On Key Distribution Systems

  • Y. Yacobi
  • Z. Shmuely
Conference paper
Part of the Lecture Notes in Computer Science book series (LNCS, volume 435)


Zero Knowledge (ZK) theory formed the basis for practical identification and signature cryptosysems (invented by Fiat and Shamir). It also was used to construct a key distribution scheme (invented by Bauspiess and Knobloch); however, it seems that the ZK concept is less appropriate for key distribution systems (KDS), where the main cost is the number of communications. We propose relaxed criteria for the security of KDS, which we assert are sufficient, and present a system which meets most of the criteria. Our system is not ZK (it leaks few bits), but in return it is very simple. It is a Diffie-Hellman variation. Its security is equivalent to RS A, but it runs faster.

Our definition for the security of KDS is based on a new definition of security for one-way functions recently proposed by Goldreich and Levin. For a given system and given cracking- algorithm, I, the cracking rate is roughly the average of the inverse of the running-time over all instances (if on some instance it fails, that inverse is zero). If there exists a function s:NN, s.t. for all I, the cracking-rate for security parameter n is O (1)/s(n), then we say that the system has at least security s. We use this concept to define the security of KDS for malicious adversary (the passive adversary is a special case). Our definition of a malicious adversary is relatively restricted, but we assert it is general enough for KDS. This restriction enables the proof of security results for simple and practical systems. We further modify the definition to allow past keys and their protocol messages in the input data to a cracking algorithm. The resulting security functi on is called the “amortized security” of the system. This is justified by current usage of KDS, where the keys are often used with cryptosystems of moderate strength. We demonstrate the above properties on some Diffie-Hellman KDS variants which also authenticate the parties. In particular, we give evidence that one of the variants has super-polynomial security against any malicious adversary, assuming RSA modulus is hard to factor. We also give evidence that its amortized security is super-polynomial. (The original DH scheme does not authenticate, and the version with public directory has a fixed key, i.e. zero amortized security.)


Security Parameter Probabilistic Algorithm Triangular Distribution Protocol Message Honest Party 
These keywords were added by machine and not by the authors. This process is experimental and the keywords may be updated as the learning algorithm improves.


  1. [BCGL]
    Ben-David, S., Chor, B., Goldreich, O., Luby, M.: “On the Theory of Average Case Complexity”, STOC, 1989 pp. 204–216.Google Scholar
  2. [BK]
    Bauspiess, F., Knobloch, H.: “How to Keep Authenticity Alive in a Computer Network”, Eurocrypt’89.Google Scholar
  3. [DEK]
    Dolev, D., Even, E., Karp, R.M.: “On the Security of Ping-Pong Protocols”, Information and Control, Vol. 55, Nos 1–3, Nov. Dec. 1982, pp. 57–68.zbMATHCrossRefMathSciNetGoogle Scholar
  4. [DH]
    Diffie, W., Hellman, M.: “New Directions In Cryptography”, IEEE Trans. on Inf. Theory, 1976, IT-22, pp. 644–654.CrossRefMathSciNetGoogle Scholar
  5. [FS]
    Fiat, A., Shamir, A.: “How to Prove Yourself: Practical Solutions to Identification and Signature Problems”, Proceedings of Crypto 86.Google Scholar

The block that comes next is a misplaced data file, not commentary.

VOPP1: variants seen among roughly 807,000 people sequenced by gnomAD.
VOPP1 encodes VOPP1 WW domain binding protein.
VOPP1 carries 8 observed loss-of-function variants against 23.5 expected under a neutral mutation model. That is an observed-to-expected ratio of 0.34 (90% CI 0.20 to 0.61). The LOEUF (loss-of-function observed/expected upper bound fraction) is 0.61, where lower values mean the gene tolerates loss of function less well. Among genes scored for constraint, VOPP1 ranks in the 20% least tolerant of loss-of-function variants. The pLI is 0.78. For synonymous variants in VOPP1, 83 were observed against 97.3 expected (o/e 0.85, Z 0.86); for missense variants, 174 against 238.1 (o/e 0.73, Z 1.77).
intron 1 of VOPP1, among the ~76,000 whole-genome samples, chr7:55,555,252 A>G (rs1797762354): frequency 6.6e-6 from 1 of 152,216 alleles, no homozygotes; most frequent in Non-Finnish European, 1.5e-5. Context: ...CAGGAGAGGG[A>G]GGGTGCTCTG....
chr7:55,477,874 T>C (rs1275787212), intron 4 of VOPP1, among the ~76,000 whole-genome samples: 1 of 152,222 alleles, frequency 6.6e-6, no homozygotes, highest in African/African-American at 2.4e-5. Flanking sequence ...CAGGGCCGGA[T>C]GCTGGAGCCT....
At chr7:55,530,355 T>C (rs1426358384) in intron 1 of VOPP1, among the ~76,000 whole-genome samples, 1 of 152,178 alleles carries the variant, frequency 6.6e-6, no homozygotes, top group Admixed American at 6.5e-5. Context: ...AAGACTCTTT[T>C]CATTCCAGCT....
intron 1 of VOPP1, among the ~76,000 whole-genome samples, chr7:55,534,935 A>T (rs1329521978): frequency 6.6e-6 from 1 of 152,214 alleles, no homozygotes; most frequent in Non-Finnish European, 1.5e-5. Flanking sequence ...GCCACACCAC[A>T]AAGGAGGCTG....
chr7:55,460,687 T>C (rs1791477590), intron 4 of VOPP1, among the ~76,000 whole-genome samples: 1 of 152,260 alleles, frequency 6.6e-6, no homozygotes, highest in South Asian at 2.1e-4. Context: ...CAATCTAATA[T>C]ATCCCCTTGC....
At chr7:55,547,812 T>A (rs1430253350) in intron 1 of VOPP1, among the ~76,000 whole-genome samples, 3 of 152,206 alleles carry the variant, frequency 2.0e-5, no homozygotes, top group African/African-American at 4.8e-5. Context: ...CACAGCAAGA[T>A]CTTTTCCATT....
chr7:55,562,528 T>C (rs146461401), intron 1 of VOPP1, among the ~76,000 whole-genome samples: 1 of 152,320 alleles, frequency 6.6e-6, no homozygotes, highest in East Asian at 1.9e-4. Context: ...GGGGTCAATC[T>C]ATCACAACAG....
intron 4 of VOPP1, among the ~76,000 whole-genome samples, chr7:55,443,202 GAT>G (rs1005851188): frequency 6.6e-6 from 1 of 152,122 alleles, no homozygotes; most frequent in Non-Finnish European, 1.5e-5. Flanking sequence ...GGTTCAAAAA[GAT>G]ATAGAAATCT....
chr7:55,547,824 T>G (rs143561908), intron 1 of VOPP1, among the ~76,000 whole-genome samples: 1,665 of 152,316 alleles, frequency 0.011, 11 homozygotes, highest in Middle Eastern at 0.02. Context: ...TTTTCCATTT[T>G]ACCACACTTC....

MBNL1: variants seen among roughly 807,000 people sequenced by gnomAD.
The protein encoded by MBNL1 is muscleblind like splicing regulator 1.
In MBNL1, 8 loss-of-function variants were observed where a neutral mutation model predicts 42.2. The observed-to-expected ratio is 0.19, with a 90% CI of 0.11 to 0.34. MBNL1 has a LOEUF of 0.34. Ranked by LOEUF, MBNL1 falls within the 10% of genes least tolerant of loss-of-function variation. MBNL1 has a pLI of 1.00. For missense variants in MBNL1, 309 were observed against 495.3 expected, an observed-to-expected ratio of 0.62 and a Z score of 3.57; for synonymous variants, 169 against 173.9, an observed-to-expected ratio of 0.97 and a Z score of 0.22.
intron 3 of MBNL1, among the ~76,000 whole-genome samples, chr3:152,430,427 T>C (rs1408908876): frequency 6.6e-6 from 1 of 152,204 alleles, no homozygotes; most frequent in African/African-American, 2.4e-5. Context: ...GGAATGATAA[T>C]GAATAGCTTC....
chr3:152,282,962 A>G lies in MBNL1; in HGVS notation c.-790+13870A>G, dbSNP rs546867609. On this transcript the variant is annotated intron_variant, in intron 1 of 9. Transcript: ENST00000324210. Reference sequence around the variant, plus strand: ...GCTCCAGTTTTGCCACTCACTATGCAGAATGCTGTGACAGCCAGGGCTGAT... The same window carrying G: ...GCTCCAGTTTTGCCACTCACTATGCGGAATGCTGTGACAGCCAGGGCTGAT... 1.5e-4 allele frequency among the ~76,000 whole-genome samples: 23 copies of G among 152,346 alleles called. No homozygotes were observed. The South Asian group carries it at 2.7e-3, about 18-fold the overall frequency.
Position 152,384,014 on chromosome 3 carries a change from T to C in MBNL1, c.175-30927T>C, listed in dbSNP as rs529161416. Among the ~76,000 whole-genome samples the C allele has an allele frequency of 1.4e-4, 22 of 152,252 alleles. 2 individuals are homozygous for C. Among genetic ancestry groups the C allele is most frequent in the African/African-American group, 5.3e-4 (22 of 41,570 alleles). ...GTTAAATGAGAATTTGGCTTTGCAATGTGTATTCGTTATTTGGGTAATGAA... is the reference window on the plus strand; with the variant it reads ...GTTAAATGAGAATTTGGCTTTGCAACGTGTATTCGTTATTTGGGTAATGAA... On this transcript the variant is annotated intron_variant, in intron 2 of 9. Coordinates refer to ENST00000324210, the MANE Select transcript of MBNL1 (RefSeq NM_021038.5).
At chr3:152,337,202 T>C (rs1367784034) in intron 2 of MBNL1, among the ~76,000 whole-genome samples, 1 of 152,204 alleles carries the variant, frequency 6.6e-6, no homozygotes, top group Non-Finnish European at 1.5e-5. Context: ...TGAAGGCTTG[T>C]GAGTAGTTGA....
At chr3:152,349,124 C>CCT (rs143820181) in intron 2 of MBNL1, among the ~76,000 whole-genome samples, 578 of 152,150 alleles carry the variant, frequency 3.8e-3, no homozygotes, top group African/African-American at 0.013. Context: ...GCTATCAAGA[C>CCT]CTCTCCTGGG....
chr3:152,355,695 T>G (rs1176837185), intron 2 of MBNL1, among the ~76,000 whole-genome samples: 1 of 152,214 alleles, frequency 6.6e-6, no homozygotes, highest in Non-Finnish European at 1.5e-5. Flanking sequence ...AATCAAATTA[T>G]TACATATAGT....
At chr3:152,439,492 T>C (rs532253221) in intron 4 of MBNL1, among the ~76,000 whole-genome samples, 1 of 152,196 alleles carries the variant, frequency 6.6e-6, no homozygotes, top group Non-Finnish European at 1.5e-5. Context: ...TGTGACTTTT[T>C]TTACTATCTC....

6. [G]
    Günther, C.G.: “Diffie-Hellman and El-Gamal Protocols With One Single Authentication Key”, Eurocrypt’89.Google Scholar
  7. [GHY]
    Galil, Z., Haber, S., Yung, M.: “Minimum-Knowledge Interactive Proofs for Decision Problems”, SIAM J. on Computers Vol. 18, No. 4, Aug. 1989.Google Scholar
  8. [GL]
    Goldreich, O., Levin, A.L.: “A Hard-Core Predicate for All One-Way Functions”, STOC’89, pp. 25–32.Google Scholar
  9. [GM]
    Goldwasser, S., Micali, S.,: “Probabilistic Encryption”, JCSS, Vol. 28, No. 2, 1984, pp. 270–279.zbMATHMathSciNetGoogle Scholar
  10. [GMR]
    Goldwasser, S., Micali, S., Rackoff, C: “The knowledge Complexity of Interactive Proof Systems”, Proc. 17th ACM Symposium on Theory of Computing 1985, and SIAM 1989.Google Scholar
  11. [GMW]
    Goldreich, O., Micali, S., Wigderson, A.: “How to Play Any Mental Game”, Proc. STOC 1987, pp 218–229Google Scholar
  12. [HU]
    Hopcroft, J.E., Ullman, J.D.: “Introduction to automata theory, languages, & computation” Addison-Wesley, 1979Google Scholar
  13. [KO]
    Koyama, K., Ohta, K.: “Identity Based Conference Key Distribution Systems”, Proc. Crypto’87.Google Scholar
  14. [M]
    McCurley, K.S.: “A Key Distribution System Equivalent to Factoring”, J. of Cryptology, Vol.1, No. 2, 1988, pp. 95–106.zbMATHCrossRefMathSciNetGoogle Scholar
  15. [MTI]
    Matsumoto, T., Takashima, Y., Imai, H.: “On Seeking Smart Public-Key-Distribution Systems”, Trans. of IECE Japan Vo. E 69, No. 2, Feb 1986.Google Scholar
  16. [O]
    Okamoto, E.: “Proposal for Identity-Based Key Distribution Systems”, Electronic Letters 1986, 22, pp. 1283,1284.CrossRefGoogle Scholar
  17. [RSA]
    Rivest, R.L., Shamir, A., and Adelman, L.: “A Method for Obtaining Digital Signatures and Public-Key Cryptosystems”, Commun. ACM 1978, 21, pp. 120–126.zbMATHCrossRefGoogle Scholar
  18. [S]
    Shmuely, Z.: “Composite Diffie-Hellman Public-Key Generating Systems Are Hard to Break”, TR #356, Computer Science Dept. Technion, IIT, Feb. 1985.Google Scholar
  19. [Y]
    Yacobi, Y.: “Attack on The Koyama-Ohta Identity Based Key-Distribution System”, Proc. Crypto’87.Google Scholar

Copyright information

© Springer-Verlag Berlin Heidelberg 1990

Authors and Affiliations

  • Y. Yacobi
    • 1
  • Z. Shmuely
    • 2
  1. 1.BellcoreMorristown
  2. 2.Computer Science DepartmentTechnionHaifaIsrael

Personalised recommendations